Monday, December 28, 2009

The Land Of Almost Right

When we take time to look back over our lives, we are often able to identify moments which influence the remainder of our time on this earth.  Having spent a considerable amount of time in the military, I was exposed to a variety of body art in the form of tattoos.  Even a couple of my children have gotten small and tasteful tattoos at various times over the years.  I figure they are all adults(chronologically at least) and if they can handle getting poked with needles thousands of times to be able to display their personal idea of art...power to them.

On occasion, usually while sitting and having something cool to drink, and finalizing solutions for all the world's problems, I am asked if I ever contemplated getting some body art of my own.  Surely, during all those years spent in the service, I had to have contemplated a tattoo to commemorate my exploits on foreign shores.  I will respond that, yes, I toyed with the idea of a tattoo occasionally, but was never able to decide what it would be or where it would be located that wouldn't cause terminal embarassment when displayed.  Then all thoughts of a tattoo came to a sudden halt while spending a year in Korea, known affectionately by the chamber of commerce as "The Land Of the Morning Calm".

Korea is, even today, a remote or unaccompanied tour for most soldiers.  This means being left to your own devices when it comes to finding entertainment, without the minimal supervision of family and friends.  Sitting in the Yongson video arcade one evening, I noticed a very sheepish soldier getting ribbed unmercifully by a couple of his buddies.  I finally asked why they were being so rough on him, and they laughingly told him to show me.  He gingerly raised his sleeve to reveal a very tender, fresh image of the seal of the United States Army.  The eagle was resplendent in the still bright colors, and it took a second look to see that emblazoned over the eagle was the caption;   

Sunday, December 20, 2009

Yankee Chili & other Abominations

One of the great things about being in the Army or one of the other services, is that you get to move around this great country of ours and see how differently people live.  When my Lovely Bride and I first joined up, we stayed in San Antonio for the first three years, and the only thing different was the direction I drove to work.  So it was with some anticipation we made our first PCS move, with our first assignment outside Texas being to Fort Knox in Kentucky.  I had always heard of Kentucky being a Southern state, and in my naive mind imagined it would be much like East Texas.  After studying a highway atlas, I discovered that Kentucky was farther north than even Oklahoma, and that Fort Knox was just down the Ohio River from Cincinnati!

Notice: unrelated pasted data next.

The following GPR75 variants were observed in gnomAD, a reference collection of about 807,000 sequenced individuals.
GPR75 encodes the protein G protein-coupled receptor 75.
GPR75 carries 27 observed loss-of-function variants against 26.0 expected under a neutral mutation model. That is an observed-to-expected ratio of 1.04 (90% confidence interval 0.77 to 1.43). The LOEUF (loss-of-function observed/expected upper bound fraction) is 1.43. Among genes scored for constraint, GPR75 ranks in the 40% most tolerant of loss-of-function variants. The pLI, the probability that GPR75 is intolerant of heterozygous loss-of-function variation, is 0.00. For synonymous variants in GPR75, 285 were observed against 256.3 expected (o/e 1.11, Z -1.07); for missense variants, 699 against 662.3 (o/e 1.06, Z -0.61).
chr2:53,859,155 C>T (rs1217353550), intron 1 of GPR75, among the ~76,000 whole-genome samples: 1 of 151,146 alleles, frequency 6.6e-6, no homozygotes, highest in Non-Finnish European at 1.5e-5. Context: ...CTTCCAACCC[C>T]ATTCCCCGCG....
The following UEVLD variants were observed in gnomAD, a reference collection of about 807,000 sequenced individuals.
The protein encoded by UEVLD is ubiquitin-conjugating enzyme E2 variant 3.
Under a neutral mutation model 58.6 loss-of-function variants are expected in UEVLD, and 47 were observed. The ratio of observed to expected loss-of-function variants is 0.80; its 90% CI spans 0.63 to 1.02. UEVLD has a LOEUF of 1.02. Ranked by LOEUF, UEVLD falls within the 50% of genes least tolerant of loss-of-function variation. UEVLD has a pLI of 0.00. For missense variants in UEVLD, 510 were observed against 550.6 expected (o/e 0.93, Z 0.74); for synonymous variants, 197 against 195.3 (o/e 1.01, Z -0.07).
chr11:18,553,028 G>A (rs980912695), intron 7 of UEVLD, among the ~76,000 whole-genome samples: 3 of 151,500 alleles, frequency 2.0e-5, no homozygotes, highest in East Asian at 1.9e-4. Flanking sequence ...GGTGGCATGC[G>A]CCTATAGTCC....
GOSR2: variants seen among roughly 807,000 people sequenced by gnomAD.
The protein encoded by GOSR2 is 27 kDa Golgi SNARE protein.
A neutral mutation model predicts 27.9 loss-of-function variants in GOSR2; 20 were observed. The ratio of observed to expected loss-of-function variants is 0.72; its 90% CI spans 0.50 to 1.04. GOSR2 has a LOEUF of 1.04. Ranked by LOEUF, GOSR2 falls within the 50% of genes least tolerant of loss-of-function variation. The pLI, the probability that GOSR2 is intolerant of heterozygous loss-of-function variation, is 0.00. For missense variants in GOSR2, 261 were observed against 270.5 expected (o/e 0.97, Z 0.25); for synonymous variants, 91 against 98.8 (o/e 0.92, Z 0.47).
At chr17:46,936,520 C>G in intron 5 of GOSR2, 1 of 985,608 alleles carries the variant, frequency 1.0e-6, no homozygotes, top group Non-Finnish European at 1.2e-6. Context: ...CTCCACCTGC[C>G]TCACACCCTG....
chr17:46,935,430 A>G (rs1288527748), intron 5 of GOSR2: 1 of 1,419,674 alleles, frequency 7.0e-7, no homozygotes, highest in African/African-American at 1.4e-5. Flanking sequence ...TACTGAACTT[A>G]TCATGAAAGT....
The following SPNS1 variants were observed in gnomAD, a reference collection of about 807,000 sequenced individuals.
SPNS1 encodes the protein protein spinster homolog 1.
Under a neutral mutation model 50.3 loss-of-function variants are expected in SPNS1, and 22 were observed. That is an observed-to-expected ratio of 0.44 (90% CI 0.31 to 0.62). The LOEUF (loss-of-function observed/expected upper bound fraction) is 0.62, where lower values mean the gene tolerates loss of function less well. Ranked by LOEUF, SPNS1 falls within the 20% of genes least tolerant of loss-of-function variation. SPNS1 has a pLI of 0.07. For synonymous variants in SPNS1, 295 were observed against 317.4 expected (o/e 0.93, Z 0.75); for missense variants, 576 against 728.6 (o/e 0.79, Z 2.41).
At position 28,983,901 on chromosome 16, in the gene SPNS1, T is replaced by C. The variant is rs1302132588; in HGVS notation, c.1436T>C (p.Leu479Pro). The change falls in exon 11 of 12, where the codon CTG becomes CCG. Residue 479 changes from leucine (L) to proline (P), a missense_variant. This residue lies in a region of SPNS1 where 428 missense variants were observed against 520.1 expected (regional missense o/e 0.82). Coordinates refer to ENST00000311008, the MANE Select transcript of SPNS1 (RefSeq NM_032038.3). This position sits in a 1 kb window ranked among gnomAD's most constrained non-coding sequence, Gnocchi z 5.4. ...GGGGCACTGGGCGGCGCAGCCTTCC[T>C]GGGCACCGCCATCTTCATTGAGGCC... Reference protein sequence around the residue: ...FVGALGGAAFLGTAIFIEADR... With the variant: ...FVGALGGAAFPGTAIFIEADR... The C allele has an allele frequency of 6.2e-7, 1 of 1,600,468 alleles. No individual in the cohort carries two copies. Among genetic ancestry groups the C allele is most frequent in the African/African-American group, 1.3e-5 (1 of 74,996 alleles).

After arriving and starting the settling in process, we drove up Dixie Highway to Louisville to scout out the lay of the land, and explore shopping opportunities.  While there we decided to try out a Mexican restaurant which had been highly recommended by my new co-workers.  In the past, I had occasionally encountered confused souls who claimed to not like Mexican food, and I had never understood them.  After all, how could anyone not like the greasy, spicy, cheesy delights of enchiladas, tamales and tacos?  After sampling what was described to us as the best Louisville had to offer, it became all too clear.  We learned to stock up whenever we made a trip south of the Red River, and the LB learned to scrounge for ingredients in the post comissary and to cook her own Tex-Mex.

My next gastronomic upset came soon after reporting to work in the post hospital.  There was a snack bar in the basement which had a pretty extensive short-order menu, and most of us ate there each day.  One day I walked in and noticed a new sign on the wall advertising Chili Dogs.  That sounded like just the thing to me and so ordered one.  I paid the cashier for lunch while the counter man was getting my order, and I glanced up just as he was ladling the chili onto the dog.  Only it looked like no chili I had ever seen in my life.  It had spaghetti noodles hanging off my hot dog for chrissakes!  I truly learned that day I was not in Texas anymore.  Later, I found that noodles was only one of many unnatural substances with which chili was adulterated in that region...cinnamon, cloves, cardomom and chocolate were routinely used as seasonings.  This was pretty unsettling for me, since I had only recently come to accept the possibility that beans could be added to chili and still be called chili.